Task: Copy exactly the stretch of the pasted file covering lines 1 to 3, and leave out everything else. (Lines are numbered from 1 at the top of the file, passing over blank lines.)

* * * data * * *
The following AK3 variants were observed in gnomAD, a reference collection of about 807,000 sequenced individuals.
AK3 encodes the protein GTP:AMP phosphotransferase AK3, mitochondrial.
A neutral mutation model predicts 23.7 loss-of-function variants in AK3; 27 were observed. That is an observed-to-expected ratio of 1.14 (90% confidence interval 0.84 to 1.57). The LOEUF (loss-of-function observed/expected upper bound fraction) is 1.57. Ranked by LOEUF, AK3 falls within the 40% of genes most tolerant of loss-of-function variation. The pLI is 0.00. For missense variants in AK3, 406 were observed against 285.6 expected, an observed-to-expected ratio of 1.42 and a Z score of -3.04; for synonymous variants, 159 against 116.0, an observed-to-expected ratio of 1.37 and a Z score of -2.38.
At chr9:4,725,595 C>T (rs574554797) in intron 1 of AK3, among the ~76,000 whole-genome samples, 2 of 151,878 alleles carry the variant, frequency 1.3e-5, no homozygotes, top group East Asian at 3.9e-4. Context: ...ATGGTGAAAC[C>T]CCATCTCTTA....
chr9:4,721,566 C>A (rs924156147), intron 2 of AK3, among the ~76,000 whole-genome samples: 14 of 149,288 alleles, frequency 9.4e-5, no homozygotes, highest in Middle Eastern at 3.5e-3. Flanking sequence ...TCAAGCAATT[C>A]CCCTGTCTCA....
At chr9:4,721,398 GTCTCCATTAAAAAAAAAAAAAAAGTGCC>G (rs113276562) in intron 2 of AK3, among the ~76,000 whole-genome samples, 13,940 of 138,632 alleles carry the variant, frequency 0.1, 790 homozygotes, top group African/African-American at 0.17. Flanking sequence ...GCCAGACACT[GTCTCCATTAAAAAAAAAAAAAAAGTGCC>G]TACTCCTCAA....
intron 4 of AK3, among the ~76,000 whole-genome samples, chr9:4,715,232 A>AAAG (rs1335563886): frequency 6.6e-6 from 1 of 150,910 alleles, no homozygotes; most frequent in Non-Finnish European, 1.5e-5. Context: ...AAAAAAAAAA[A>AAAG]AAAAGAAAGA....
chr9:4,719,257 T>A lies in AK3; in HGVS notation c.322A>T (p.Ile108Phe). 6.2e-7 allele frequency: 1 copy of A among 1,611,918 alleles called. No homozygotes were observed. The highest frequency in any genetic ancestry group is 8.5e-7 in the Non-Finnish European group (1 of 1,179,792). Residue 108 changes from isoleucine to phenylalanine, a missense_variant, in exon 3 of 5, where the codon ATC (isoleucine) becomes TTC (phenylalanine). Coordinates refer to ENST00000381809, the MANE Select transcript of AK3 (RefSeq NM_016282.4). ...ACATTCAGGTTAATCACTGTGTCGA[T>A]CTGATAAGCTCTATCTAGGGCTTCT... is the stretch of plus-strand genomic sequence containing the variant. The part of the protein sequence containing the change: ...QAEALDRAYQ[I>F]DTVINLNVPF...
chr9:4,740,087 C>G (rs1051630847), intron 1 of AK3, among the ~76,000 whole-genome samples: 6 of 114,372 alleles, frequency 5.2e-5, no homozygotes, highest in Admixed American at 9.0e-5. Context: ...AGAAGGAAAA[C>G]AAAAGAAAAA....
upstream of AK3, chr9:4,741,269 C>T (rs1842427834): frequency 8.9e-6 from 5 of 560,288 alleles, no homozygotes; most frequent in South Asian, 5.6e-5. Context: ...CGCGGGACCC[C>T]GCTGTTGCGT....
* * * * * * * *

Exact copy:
The following AK3 variants were observed in gnomAD, a reference collection of about 807,000 sequenced individuals.
AK3 encodes the protein GTP:AMP phosphotransferase AK3, mitochondrial.
A neutral mutation model predicts 23.7 loss-of-function variants in AK3; 27 were observed. That is an observed-to-expected ratio of 1.14 (90% confidence interval 0.84 to 1.57). The LOEUF (loss-of-function observed/expected upper bound fraction) is 1.57. Ranked by LOEUF, AK3 falls within the 40% of genes most tolerant of loss-of-function variation. The pLI is 0.00. For missense variants in AK3, 406 were observed against 285.6 expected, an observed-to-expected ratio of 1.42 and a Z score of -3.04; for synonymous variants, 159 against 116.0, an observed-to-expected ratio of 1.37 and a Z score of -2.38.